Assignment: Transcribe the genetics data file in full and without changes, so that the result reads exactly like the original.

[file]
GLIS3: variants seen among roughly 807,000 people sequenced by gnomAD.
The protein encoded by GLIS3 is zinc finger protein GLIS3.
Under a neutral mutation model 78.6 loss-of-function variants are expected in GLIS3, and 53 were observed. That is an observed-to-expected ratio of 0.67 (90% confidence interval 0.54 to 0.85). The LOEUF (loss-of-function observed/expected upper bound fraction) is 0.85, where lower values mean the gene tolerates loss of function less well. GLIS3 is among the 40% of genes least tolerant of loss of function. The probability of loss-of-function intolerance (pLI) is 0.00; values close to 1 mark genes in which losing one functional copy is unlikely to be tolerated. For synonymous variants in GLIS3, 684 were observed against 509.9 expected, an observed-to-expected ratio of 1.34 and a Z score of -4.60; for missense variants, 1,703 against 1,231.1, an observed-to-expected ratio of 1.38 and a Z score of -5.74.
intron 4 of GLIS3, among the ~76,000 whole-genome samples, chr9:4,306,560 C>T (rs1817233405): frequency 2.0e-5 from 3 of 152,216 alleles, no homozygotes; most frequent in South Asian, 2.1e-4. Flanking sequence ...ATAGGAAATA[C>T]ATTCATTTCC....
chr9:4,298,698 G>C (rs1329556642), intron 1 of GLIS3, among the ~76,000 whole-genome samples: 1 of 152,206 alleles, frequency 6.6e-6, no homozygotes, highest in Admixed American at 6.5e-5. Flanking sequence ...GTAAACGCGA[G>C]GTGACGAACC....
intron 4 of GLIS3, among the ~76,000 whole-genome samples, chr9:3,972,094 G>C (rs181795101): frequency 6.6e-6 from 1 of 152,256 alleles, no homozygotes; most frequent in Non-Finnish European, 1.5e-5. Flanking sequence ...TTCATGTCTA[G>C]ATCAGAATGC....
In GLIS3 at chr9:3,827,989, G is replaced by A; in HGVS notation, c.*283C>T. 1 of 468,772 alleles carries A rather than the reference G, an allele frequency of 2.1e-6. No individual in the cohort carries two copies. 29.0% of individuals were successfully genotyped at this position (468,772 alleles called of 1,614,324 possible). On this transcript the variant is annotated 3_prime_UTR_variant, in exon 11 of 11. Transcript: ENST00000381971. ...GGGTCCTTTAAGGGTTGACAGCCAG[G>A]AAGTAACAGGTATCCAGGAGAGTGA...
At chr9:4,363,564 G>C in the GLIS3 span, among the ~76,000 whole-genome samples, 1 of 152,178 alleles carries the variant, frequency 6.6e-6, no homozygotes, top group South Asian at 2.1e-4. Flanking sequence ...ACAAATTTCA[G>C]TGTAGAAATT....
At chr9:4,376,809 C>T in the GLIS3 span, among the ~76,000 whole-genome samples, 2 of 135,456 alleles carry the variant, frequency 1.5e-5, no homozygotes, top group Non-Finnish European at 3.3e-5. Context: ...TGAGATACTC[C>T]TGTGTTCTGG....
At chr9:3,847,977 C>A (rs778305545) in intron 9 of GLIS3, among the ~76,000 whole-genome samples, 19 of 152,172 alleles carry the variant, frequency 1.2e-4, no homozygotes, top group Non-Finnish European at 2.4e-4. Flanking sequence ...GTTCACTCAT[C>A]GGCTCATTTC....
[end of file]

GLIS3: variants seen among roughly 807,000 people sequenced by gnomAD.
The protein encoded by GLIS3 is zinc finger protein GLIS3.
Under a neutral mutation model 78.6 loss-of-function variants are expected in GLIS3, and 53 were observed. That is an observed-to-expected ratio of 0.67 (90% confidence interval 0.54 to 0.85). The LOEUF (loss-of-function observed/expected upper bound fraction) is 0.85, where lower values mean the gene tolerates loss of function less well. GLIS3 is among the 40% of genes least tolerant of loss of function. The probability of loss-of-function intolerance (pLI) is 0.00; values close to 1 mark genes in which losing one functional copy is unlikely to be tolerated. For synonymous variants in GLIS3, 684 were observed against 509.9 expected, an observed-to-expected ratio of 1.34 and a Z score of -4.60; for missense variants, 1,703 against 1,231.1, an observed-to-expected ratio of 1.38 and a Z score of -5.74.
intron 4 of GLIS3, among the ~76,000 whole-genome samples, chr9:4,306,560 C>T (rs1817233405): frequency 2.0e-5 from 3 of 152,216 alleles, no homozygotes; most frequent in South Asian, 2.1e-4. Flanking sequence ...ATAGGAAATA[C>T]ATTCATTTCC....
chr9:4,298,698 G>C (rs1329556642), intron 1 of GLIS3, among the ~76,000 whole-genome samples: 1 of 152,206 alleles, frequency 6.6e-6, no homozygotes, highest in Admixed American at 6.5e-5. Flanking sequence ...GTAAACGCGA[G>C]GTGACGAACC....
intron 4 of GLIS3, among the ~76,000 whole-genome samples, chr9:3,972,094 G>C (rs181795101): frequency 6.6e-6 from 1 of 152,256 alleles, no homozygotes; most frequent in Non-Finnish European, 1.5e-5. Flanking sequence ...TTCATGTCTA[G>C]ATCAGAATGC....
In GLIS3 at chr9:3,827,989, G is replaced by A; in HGVS notation, c.*283C>T. 1 of 468,772 alleles carries A rather than the reference G, an allele frequency of 2.1e-6. No individual in the cohort carries two copies. 29.0% of individuals were successfully genotyped at this position (468,772 alleles called of 1,614,324 possible). On this transcript the variant is annotated 3_prime_UTR_variant, in exon 11 of 11. Transcript: ENST00000381971. ...GGGTCCTTTAAGGGTTGACAGCCAG[G>A]AAGTAACAGGTATCCAGGAGAGTGA...
At chr9:4,363,564 G>C in the GLIS3 span, among the ~76,000 whole-genome samples, 1 of 152,178 alleles carries the variant, frequency 6.6e-6, no homozygotes, top group South Asian at 2.1e-4. Flanking sequence ...ACAAATTTCA[G>C]TGTAGAAATT....
At chr9:4,376,809 C>T in the GLIS3 span, among the ~76,000 whole-genome samples, 2 of 135,456 alleles carry the variant, frequency 1.5e-5, no homozygotes, top group Non-Finnish European at 3.3e-5. Context: ...TGAGATACTC[C>T]TGTGTTCTGG....
At chr9:3,847,977 C>A (rs778305545) in intron 9 of GLIS3, among the ~76,000 whole-genome samples, 19 of 152,172 alleles carry the variant, frequency 1.2e-4, no homozygotes, top group Non-Finnish European at 2.4e-4. Flanking sequence ...GTTCACTCAT[C>A]GGCTCATTTC....